As in past years, CSG-ERC states enjoyed lower than average uninsured rates in the first nine months of 2016, according to the CDC’s latest estimates. While not all states are individually reflected in the early survey, the seven reported ERC states varied between 3.1% (MA) to 8.2% (NJ) of residents uninsured compared to 8.8% of all Americans. Northeastern states had the lowest uninsured rate in the US (among four regions), the second highest rate of public coverage (behind the West) and the second highest rate of private coverage (behind the Midwest). 400,000 fewer Americans were without coverage last year, the percentage of Americans with high deductible plans jumped significantly but the percent with coverage in the ACA health insurance exchanges did not change much in the 2016 survey compared to the year before. US trends over the last twenty years show a steady increase in public coverage starting in 1999, a sharp drop in the uninsured rate, and an oscillating private coverage rate. Not surprisingly, since 2010, gains in coverage have been greatest among low income and minority Americans, but they still remain at far higher risk of uninsurance. Also not surprisingly, from 2013 through 2016 uninsured rates in states that elected to expand Medicaid have fallen 9.1% compared with a drop of 5.2% in non-expansion states.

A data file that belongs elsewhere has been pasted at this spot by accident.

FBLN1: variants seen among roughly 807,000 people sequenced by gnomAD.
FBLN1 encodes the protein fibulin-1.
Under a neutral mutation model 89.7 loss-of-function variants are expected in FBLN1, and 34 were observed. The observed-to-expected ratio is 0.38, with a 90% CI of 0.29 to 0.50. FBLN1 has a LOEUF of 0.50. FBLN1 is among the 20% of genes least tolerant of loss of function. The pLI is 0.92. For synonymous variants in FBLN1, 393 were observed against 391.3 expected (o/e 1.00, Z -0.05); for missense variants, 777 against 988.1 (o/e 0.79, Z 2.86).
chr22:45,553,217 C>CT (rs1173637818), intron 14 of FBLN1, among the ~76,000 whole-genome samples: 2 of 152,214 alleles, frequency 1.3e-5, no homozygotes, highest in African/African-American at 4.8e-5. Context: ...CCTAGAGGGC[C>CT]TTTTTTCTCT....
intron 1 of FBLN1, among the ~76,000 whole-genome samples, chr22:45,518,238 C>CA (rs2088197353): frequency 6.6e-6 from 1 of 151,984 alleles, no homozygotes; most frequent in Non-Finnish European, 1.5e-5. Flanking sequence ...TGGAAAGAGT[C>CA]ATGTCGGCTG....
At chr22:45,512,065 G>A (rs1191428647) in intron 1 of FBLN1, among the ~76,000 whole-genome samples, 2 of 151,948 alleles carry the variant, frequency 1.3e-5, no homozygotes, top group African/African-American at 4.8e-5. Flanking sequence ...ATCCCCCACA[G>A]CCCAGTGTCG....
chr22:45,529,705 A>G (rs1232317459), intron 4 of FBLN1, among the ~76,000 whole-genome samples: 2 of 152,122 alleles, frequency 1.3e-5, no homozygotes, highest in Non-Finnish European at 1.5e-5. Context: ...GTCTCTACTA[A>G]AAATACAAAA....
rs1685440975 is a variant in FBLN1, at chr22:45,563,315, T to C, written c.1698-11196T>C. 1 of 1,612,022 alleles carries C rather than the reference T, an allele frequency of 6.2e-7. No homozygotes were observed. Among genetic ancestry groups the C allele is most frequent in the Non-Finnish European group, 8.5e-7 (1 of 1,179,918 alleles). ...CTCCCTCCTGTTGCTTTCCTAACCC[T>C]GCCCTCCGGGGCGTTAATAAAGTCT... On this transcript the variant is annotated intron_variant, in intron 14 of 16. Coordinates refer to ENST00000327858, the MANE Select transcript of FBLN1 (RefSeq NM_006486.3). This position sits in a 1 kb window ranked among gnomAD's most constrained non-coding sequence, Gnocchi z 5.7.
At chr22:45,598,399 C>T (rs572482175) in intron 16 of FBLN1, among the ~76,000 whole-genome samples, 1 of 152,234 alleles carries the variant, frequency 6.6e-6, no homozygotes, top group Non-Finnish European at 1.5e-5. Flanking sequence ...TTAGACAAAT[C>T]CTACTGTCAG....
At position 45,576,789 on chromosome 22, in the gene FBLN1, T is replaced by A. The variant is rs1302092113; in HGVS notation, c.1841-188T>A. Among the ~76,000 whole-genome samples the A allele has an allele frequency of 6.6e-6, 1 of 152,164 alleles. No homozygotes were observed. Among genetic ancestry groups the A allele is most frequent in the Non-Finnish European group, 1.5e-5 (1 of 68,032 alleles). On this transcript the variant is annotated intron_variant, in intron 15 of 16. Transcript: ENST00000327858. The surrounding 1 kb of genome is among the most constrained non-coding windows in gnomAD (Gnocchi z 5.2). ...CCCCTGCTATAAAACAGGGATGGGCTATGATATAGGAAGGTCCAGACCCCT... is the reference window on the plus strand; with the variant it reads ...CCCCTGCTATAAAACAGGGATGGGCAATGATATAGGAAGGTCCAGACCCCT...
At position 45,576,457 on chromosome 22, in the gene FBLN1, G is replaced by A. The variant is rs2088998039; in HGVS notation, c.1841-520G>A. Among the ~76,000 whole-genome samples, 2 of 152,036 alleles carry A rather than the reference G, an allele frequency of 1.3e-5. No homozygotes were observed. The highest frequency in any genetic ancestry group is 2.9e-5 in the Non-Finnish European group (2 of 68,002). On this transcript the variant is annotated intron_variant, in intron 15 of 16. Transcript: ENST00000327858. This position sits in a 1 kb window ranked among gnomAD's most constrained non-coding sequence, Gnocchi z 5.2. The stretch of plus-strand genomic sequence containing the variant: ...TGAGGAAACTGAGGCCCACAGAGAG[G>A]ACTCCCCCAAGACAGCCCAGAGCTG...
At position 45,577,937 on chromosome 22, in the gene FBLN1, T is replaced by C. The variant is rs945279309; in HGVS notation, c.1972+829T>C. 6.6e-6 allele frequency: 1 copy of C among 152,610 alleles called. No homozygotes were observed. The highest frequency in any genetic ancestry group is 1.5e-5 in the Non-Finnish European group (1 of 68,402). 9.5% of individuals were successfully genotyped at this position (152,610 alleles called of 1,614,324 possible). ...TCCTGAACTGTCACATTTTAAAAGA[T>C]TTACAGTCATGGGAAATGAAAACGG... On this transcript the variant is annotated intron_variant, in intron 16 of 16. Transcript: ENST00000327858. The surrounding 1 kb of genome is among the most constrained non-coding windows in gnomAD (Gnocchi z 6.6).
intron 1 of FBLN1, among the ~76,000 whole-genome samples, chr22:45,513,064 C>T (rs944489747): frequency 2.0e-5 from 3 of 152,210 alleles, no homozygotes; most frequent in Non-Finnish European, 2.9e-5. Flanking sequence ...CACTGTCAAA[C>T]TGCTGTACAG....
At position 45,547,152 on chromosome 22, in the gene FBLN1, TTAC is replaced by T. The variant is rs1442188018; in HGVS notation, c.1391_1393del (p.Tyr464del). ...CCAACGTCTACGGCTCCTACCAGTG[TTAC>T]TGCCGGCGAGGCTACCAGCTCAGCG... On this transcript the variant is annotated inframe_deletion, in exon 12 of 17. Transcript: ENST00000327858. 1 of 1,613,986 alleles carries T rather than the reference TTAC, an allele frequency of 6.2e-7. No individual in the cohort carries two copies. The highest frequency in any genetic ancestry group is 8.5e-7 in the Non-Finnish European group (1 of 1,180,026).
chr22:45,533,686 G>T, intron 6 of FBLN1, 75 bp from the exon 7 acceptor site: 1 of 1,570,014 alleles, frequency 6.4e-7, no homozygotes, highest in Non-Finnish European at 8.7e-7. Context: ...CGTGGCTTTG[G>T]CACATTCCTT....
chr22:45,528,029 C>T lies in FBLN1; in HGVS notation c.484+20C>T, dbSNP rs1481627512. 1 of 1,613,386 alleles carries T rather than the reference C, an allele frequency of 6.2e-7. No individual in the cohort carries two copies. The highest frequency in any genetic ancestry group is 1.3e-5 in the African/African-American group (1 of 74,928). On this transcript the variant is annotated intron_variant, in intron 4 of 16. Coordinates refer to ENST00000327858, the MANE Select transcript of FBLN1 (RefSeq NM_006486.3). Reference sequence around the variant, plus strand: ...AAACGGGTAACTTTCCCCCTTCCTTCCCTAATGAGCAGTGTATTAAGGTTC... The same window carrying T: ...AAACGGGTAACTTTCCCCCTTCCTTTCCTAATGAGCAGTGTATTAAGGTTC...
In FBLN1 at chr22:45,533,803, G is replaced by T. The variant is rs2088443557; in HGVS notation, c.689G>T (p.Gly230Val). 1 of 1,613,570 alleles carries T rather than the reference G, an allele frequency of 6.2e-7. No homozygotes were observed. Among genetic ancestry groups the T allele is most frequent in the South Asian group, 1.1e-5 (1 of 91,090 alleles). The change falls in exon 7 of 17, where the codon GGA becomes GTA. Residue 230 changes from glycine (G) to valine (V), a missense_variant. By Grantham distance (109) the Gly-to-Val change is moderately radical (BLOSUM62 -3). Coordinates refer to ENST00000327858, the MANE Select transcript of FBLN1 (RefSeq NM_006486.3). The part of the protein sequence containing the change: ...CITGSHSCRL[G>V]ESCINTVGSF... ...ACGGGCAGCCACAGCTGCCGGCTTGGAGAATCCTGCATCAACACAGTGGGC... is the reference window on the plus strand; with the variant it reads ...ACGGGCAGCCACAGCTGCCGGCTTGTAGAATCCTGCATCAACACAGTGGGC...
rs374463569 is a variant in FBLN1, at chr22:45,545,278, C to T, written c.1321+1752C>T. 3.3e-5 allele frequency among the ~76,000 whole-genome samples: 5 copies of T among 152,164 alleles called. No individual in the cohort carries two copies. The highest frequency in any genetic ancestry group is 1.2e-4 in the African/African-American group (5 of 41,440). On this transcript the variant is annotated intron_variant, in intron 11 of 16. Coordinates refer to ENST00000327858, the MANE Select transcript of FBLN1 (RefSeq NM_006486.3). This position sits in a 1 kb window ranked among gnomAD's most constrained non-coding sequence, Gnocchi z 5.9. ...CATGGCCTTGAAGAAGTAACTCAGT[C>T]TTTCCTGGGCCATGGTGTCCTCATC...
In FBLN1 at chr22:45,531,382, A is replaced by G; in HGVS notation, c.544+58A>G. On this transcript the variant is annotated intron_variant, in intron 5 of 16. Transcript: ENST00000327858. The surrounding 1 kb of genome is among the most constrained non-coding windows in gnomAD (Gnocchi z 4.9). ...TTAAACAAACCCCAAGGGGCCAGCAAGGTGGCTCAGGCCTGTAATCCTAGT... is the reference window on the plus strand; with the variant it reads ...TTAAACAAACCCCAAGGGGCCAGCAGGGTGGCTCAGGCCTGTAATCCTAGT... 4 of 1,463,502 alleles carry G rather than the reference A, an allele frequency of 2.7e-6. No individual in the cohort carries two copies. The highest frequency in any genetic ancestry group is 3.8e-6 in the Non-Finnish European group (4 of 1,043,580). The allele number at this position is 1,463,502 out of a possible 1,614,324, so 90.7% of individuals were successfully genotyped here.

It’s important to note that these are very early numbers and the final state-specific uninsured rates sometimes vary considerably from the final numbers released later in the year.